To use the calculator for testing the difference between the
means of dependent samples, enter the data in two columns and form a third Column ( 𝐿 3 ) in which you calculate the difference for each pair ( 𝐿 1 − 𝐿 2 ). You can then perform a one-sample t-test on the difference column ( 𝐿 3 ).

Testing the Difference Between Proportions

Section 8.4 Objectives Perform a z-test for the difference between two population proportions p1 and p2 © 2012 Pearson Education, Inc. All rights reserved. 17 of 70

Two-Sample z-Test for Proportions
Used to test the difference between two population proportions, p1 and p2. Three conditions are required to conduct the test. The samples must be randomly selected. The samples must be independent. The samples must be large enough to use a normal sampling distribution. That is, n1p1 ≥ 5, n1q1 ≥ 5, n2p2 ≥ 5, and n2q2 ≥ 5. © 2012 Pearson Education, Inc. All rights reserved. 18 of 70

Two-Sample z-Test for the Difference Between Proportions
If these conditions are met, then the sampling distribution for is a normal distribution. Mean: A weighted estimate of p1 and p2 can be found by using Standard error: © 2012 Pearson Education, Inc. All rights reserved. 19 of 70

Two-Sample z-Test for the Difference Between Proportions

Two-Sample z-Test for the Difference Between Proportions
In Words In Symbols State the claim. Identify the null and alternative hypotheses. Specify the level of significance. Determine the critical value(s). Determine the rejection region(s). Find the weighted estimate of p1 and p2. Verify that State H0 and Ha. Identify α. Use Table 4 in Appendix B. © 2012 Pearson Education, Inc. All rights reserved. 21 of 70

Two-Sample z-Test for the Difference Between Proportions
In Words In Symbols Find the standardized test statistic and sketch the sampling distribution. Make a decision to reject or fail to reject the null hypothesis. Interpret the decision in the context of the original claim. If z is in the rejection region, reject H0. Otherwise, fail to reject H0. © 2012 Pearson Education, Inc. All rights reserved. 22 of 70

Example: Two-Sample z-Test for the Difference Between Proportions
In a study of 150 randomly selected occupants in passenger cars and 200 randomly selected occupants in pickup trucks, 86% of occupants in passenger cars and 74% of occupants in pickup trucks wear seat belts. At α = 0.10 can you reject the claim that the proportion of occupants who wear seat belts is the same for passenger cars and pickup trucks? (Adapted from National Highway Traffic Safety Administration) Solution: 1 = Passenger cars 2 = Pickup trucks © 2012 Pearson Education, Inc. All rights reserved. 23 of 70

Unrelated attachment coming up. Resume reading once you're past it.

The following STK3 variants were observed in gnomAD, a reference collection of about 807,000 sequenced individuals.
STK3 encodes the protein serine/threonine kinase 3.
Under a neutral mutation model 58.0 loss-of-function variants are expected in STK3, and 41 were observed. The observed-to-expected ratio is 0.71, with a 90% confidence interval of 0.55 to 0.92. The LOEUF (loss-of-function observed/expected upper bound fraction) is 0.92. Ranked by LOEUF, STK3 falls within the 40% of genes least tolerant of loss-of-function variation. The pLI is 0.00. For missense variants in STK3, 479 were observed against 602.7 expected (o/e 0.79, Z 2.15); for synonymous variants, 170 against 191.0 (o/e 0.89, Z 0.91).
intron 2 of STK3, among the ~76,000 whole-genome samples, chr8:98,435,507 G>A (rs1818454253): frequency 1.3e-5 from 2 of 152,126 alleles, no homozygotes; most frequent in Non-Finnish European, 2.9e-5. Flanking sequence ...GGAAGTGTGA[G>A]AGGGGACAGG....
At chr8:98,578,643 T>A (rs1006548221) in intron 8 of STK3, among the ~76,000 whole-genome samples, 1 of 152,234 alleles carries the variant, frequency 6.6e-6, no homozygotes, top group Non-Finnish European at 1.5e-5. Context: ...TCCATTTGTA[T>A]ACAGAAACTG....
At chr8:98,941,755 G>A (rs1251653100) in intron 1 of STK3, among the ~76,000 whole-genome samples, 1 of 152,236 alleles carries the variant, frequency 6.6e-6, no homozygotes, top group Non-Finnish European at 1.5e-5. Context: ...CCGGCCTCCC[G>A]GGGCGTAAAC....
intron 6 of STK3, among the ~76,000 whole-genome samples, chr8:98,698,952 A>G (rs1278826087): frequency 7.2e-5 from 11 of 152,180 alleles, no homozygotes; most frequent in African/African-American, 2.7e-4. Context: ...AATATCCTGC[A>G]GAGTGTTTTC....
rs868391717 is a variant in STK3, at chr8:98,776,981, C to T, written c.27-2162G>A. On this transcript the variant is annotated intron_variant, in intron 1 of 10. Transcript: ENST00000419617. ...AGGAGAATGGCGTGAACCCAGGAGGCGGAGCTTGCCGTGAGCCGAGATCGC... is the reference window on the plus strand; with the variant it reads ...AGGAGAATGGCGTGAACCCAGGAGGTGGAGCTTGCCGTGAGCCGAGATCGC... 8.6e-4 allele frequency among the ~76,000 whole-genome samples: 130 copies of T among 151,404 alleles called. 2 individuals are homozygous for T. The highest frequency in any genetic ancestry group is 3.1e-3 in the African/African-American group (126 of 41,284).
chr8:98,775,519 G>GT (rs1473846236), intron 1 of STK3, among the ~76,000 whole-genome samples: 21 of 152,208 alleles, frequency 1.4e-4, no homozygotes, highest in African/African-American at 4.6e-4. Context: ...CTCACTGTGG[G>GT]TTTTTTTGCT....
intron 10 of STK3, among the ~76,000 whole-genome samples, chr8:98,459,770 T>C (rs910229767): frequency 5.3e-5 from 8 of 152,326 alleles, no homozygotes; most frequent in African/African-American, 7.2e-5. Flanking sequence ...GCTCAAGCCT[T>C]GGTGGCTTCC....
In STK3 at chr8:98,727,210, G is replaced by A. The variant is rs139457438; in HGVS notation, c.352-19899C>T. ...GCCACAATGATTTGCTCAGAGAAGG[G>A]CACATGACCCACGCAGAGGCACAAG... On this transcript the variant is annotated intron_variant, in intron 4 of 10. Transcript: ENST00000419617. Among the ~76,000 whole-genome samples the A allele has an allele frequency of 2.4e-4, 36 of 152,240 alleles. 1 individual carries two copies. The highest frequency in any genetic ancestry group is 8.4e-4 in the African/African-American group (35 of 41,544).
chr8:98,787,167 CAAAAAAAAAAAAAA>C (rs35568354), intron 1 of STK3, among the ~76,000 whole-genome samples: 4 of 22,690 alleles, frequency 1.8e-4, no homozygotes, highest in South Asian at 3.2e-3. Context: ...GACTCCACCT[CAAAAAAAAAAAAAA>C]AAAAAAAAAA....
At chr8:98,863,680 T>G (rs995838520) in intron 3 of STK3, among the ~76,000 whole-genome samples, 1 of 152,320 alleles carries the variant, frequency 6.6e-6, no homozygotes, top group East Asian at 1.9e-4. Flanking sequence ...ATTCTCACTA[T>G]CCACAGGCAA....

Solution: Two-Sample z-Test for the Difference Between Means
Ha: α = n1= , n2 = Rejection Region: p1 = p2 (claim) p1 ≠ p2 0.10 150 200 © 2012 Pearson Education, Inc. All rights reserved. 24 of 70

Solution: Two-Sample z-Test for the Difference Between Means
Note: 𝑛 1 𝑝 = ≥ 𝑛 1 𝑞 = ≥5 𝑛 2 𝑝 = ≥ 𝑛 2 𝑝 = ≥5 © 2012 Pearson Education, Inc. All rights reserved. 25 of 70

Solution: Two-Sample z-Test for the Difference Between Means

Solution: Two-Sample z-Test for the Difference Between Means
Ha: α = n1= , n2 = Rejection Region: p1 = p2 (claim) p1 ≠ p2 Test Statistic: 0.10 150 200 Decision: Reject H0 At the 10% level of significance, there is enough evidence to reject the claim that the proportion of occupants who wear seat belts is the same for passenger cars and pickup trucks. © 2012 Pearson Education, Inc. All rights reserved. 27 of 70

Example: Two-Sample z-Test for the Difference Between Proportions
A medical research team conducted a study to test the effect of a cholesterol-reducing medication. At the end of the study, the researchers found that of the 4700 randomly selected subjects who took the medication, 301 died of heart disease. Of the 4300 randomly selected subjects who took a placebo, 357 died of heart disease. At α = 0.01 can you conclude that the death rate due to heart disease is lower for those who took the medication than for those who took the placebo? (Adapted from New England Journal of Medicine) Solution: 1 = Medication 2 = Placebo © 2012 Pearson Education, Inc. All rights reserved. 28 of 70

Solution: Two-Sample z-Test for the Difference Between Means
Ha: α = n1= , n2 = Rejection Region: p1 ≥ p2 p1 < p2 (claim) 0.01 4700 4300 z –2.33 0.01 © 2012 Pearson Education, Inc. All rights reserved. 29 of 70

Solution: Two-Sample z-Test for the Difference Between Means

Solution: Two-Sample z-Test for the Difference Between Means